States Work To Combat Business Identity Theft

Business records in many states can be edited by just about anybody, making them an easy target for scammers.
by | March 26, 2012

In 2010, businesses across Colorado were being billed by big retailers like Home Depot, Office Depot and Dell for charges they didn’t make. Investigators finally cracked the case when they realized the businesses had been victims of a new scam, known as business identity theft, in which criminals surreptitiously created the appearance that they ran the corporations.

Eventually, investigators learned, more 300 business had become targeted as part of a $3.5 million scam. Today, businesses across the country are still vulnerable, largely due to a glaring security vulnerability facing business records held by state governments.

In most states, corporations are required to maintain a record of their basic business information with the secretary of state. Those files include the names of company officials and the company’s address. But in many states, those records can be edited by just about anybody. Essentially, the contents of those records are about as immune from edits as a Wikipedia page.

That’s because many state secretaries lack the budgets – or even the legal authority – to question the validity of changes made to those records. “They essentially take it at face value, as long as the information is complete,” says Michael Barnett, executive director of the Identity Theft Protection Association.

That means that criminals are able to hijack companies and rack up debts on their dime. There are many types of scams, but the typical one goes like this: a criminal will name himself a director of an existing company, change its address to match an office he already has access to, and then start applying for credit using the company’s name.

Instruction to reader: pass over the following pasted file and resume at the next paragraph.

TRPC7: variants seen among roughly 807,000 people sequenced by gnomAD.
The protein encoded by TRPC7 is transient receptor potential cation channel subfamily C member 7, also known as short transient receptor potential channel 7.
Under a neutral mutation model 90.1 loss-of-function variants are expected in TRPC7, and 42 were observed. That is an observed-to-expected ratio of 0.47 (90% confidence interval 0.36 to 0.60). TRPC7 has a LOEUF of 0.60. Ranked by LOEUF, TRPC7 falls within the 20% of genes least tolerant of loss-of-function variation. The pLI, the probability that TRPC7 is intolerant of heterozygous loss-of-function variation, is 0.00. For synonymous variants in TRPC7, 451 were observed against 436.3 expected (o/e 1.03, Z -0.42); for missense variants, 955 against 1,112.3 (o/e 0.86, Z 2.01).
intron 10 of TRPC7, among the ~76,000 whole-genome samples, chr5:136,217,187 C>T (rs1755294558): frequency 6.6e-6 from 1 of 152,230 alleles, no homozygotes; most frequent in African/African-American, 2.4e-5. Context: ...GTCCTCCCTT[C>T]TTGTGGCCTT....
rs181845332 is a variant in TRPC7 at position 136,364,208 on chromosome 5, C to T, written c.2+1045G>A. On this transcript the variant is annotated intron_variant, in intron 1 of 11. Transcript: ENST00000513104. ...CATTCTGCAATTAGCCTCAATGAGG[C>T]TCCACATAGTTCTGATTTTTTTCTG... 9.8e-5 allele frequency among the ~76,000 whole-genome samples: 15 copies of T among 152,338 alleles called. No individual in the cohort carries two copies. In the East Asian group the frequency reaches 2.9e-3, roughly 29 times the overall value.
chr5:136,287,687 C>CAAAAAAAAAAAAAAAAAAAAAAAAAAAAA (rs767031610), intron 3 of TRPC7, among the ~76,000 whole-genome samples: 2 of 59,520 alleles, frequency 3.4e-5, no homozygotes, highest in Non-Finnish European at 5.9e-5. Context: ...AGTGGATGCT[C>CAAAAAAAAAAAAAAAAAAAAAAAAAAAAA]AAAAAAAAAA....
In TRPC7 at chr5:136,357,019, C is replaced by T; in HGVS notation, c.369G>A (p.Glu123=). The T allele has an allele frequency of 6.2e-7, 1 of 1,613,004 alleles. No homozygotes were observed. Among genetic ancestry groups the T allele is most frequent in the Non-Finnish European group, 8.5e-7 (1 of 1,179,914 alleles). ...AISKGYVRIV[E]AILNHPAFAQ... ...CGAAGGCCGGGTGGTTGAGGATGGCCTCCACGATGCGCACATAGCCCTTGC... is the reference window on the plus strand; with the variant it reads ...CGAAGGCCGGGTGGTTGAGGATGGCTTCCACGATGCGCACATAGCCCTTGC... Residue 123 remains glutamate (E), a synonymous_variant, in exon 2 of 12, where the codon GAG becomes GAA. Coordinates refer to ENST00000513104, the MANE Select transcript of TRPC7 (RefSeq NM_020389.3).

Retailers check with business credit rating agencies to make sure an applicant’s information is accurate. But according to state secretaries, they often can’t detect the fraud, because they typically compare an applicant’s information to the very state records he’s altered.

Once the crook gets a business account with a retailer, he can start making purchases using the company’s name. And when he’s done, the business is left with the debts and the devastated credit. The fraud is especially attractive since in some circumstances, a retailer may be willing to offer more credit with less scrutiny than would typically be offered to an individual.

While most personal consumers are aware of the threat of identify theft, the same can’t be said of businesses. “I think most business owners are somewhere between not knowledgeable and totally clueless,” says North Carolina Secretary of State Elaine Marshall.

Most business record databases lack the basic password protections that are standard on just about every website that has user accounts, whether they be for shopping, social media or games. In many places, a business owner’s fantasy baseball lineup is less susceptible to tampering than his company’s records.

But state secretaries are hoping to change that. In October, state secretaries convened in Atlanta to examine the issue, and business identity theft was on their radar again at their annual conference in Washington, D.C. earlier this year.